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Sunday, March 06, 2005

The Cheque's In The Ether (Virtual Publishing)

Today a friend pointed me to a three-part series of articles on the recent past, the present and the future of publishing: Part 1, Part 2, Part 3. The articles were written by Richard Curtis, a New York literary agent, and contain ideas worth thinking about.

Publishing, like every business, can be a dirty, ballbreaking, wallet-draining, soul-twisting day-to-day grind. I have empathy for anyone whose first reason for working in the industry is a love of the written word. There is very little return on that love these days; the people I know who have it often live in a nearly constant state of stress from working long, long hours in their efforts to ensure that at least a few quality books will appear in bookstores along with the brand names and flavours of the day.

Are their efforts futile, Sisyphean? Are the efforts of authors struggling today, probably this evening, with manuscripts aimed at the traditional sales arenas of bookstore shelves, airports, drugstores and [in]convenience stores, doomed to be curious footnotes in the future; the titles of the few that get published in the next few years perhaps maintaining a strange half-life by popping up every now and then on websites as hyperlinks to nostalgia? Has, as Curtis seems to think (and as others have been claiming for years was inevitable), the ease and inherent creative control of self-publishing via blogs and auto-eponymous websites brought the internet to a point where it is poised to be the major economic force in publishing, with novels, poetry collections, natural history, biographies etc — in short, all the interesting long forms of the written word — about to be relegated to quaint backwaters of publishing?

I don't know. The web is powerful and omnipresent. For myself the tactile pleasure of holding a book, the ease of flipping back and forth through the pages to reread particular passages, are not things I'll give up until I'm forced to through the non-existence of books. But my generation — I was born in 1966 and have seen my corner of the world move from crank telephones, LPs and eight-tracks, AM radio, and serious network television newscasts and newspapers that carried news to instant messaging, I-pods, web radio, CNN and its clones and independant, alternative online news sources — my generation may be very close to the last one with a true affinity for the written word on the printed page.

Yet here I am, blogging my slowly-aging ass off. What's that about?

Salt And Ice began as and remains an experiment and an exercise for me. The biggest challenge is quality daily content. I think it's important that a thing like this be updated via entry or comment at least once a day. So far I've been coping with that by linking to sites that catch my eye if I don't come up with an entry I feel is worthy of posting, or by engaging in discussions about current entries, if possible.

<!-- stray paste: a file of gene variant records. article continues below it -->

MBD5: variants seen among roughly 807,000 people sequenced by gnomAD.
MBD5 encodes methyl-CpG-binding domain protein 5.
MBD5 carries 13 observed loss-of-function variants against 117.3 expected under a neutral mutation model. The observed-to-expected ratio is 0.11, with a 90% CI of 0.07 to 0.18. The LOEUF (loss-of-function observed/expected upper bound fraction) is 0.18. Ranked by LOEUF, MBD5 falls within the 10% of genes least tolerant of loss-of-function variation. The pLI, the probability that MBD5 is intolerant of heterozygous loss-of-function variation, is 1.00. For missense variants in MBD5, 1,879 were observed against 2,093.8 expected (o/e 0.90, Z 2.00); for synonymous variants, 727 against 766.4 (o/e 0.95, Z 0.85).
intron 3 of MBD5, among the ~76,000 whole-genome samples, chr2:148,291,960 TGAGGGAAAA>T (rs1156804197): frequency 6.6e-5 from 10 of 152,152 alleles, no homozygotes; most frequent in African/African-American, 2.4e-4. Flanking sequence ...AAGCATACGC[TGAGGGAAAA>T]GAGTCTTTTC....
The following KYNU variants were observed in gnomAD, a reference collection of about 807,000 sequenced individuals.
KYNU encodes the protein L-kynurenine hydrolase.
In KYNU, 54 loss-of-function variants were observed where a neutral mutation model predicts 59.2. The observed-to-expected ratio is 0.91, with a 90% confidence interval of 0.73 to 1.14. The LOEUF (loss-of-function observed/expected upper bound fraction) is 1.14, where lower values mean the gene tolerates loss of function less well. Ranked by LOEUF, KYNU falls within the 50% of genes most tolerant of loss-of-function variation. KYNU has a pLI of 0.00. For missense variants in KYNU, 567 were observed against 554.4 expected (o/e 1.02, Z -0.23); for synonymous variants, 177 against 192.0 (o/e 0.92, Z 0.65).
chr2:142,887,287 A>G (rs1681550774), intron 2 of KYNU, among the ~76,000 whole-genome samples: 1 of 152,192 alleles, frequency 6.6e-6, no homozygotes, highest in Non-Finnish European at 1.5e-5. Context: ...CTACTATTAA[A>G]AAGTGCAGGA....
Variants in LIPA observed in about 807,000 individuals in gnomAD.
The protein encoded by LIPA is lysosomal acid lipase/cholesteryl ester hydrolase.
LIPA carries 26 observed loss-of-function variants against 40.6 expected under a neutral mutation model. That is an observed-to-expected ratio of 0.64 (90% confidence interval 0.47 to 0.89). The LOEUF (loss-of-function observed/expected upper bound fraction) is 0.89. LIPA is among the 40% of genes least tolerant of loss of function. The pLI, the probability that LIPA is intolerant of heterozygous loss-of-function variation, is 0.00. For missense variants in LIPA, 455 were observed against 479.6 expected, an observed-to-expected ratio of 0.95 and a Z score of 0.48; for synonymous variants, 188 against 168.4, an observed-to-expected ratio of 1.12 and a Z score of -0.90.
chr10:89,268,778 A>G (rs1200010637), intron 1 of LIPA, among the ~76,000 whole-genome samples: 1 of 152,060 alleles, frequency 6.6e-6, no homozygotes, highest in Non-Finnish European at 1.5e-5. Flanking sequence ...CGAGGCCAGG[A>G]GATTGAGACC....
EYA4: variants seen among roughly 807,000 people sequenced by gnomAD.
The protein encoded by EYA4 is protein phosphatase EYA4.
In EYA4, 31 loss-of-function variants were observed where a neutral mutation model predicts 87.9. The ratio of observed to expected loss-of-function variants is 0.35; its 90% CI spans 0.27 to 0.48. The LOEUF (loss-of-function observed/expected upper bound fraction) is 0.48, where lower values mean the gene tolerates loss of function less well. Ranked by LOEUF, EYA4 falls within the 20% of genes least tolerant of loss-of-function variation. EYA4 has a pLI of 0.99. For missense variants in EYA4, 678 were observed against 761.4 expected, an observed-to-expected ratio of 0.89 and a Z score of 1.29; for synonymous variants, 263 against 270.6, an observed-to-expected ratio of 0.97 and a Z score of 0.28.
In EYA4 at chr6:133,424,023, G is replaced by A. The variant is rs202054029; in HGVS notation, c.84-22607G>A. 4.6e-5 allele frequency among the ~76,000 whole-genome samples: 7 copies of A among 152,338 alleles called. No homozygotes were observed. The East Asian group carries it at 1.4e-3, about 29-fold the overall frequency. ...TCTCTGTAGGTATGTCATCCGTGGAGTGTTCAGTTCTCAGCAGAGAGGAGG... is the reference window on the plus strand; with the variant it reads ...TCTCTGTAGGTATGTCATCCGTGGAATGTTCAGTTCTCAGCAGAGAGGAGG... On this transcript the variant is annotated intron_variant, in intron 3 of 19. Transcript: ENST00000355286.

Yesterday I was thinking that if I can keep this thing going that I will, at some point, gather a selection of entries, refine them, and submit them somewhere as a book of short essays. We'll see.

In one of the articles I linked to above, Curtis claims authors can make money off their blogs. I think his view on that process and its returns are perhaps both optimistic and slightly naive. However, making a little money from this is not something I'm against. I like food when I can get it. The off-chance of it happening is the reason for the minor ads on the sidebar. If enough people happen to click on them, Google claims they will eventually send me a cheque. Putting the ads up in the first place was a whim. I've left them up because the traffic seems to warrant their presence. If anyone's curious about that sort of thing, here are the total numbers since January 15 that gives me at the time of this entry:



Average Per Day34

Average Visit Length3:51

Last Hour2


This Week236



Average Per Day66

Average Per Visit1.9

Last Hour2


This Week460

Another thing I've thought about, and will probably do soon, is to provide links on the sidebar or in the blogger profile to my own books. I've refrained from posting any of my own poetry because I don't view the blog as necessarily being the best forum for that (and because that's stuff I'd prefer to be paid for). One of the reasons for starting this blog was to try and get my prose limbered up. I think that bringing my own poetry into the mix would interfere with that exercise.

That said, I may do a couple of audio posts of poems from the books at some point. Or — and this is something else I've considered now and again since I began blogging — I may just set up a PayPal account and offer to provide readings (audioposts) of things, poems or what have you, for money. People could email with the title of something they wanted to hear. Public domain, of course, at least to start. And if I thought could do a decent job of their suggestion I'd agree to do it, pending payment.

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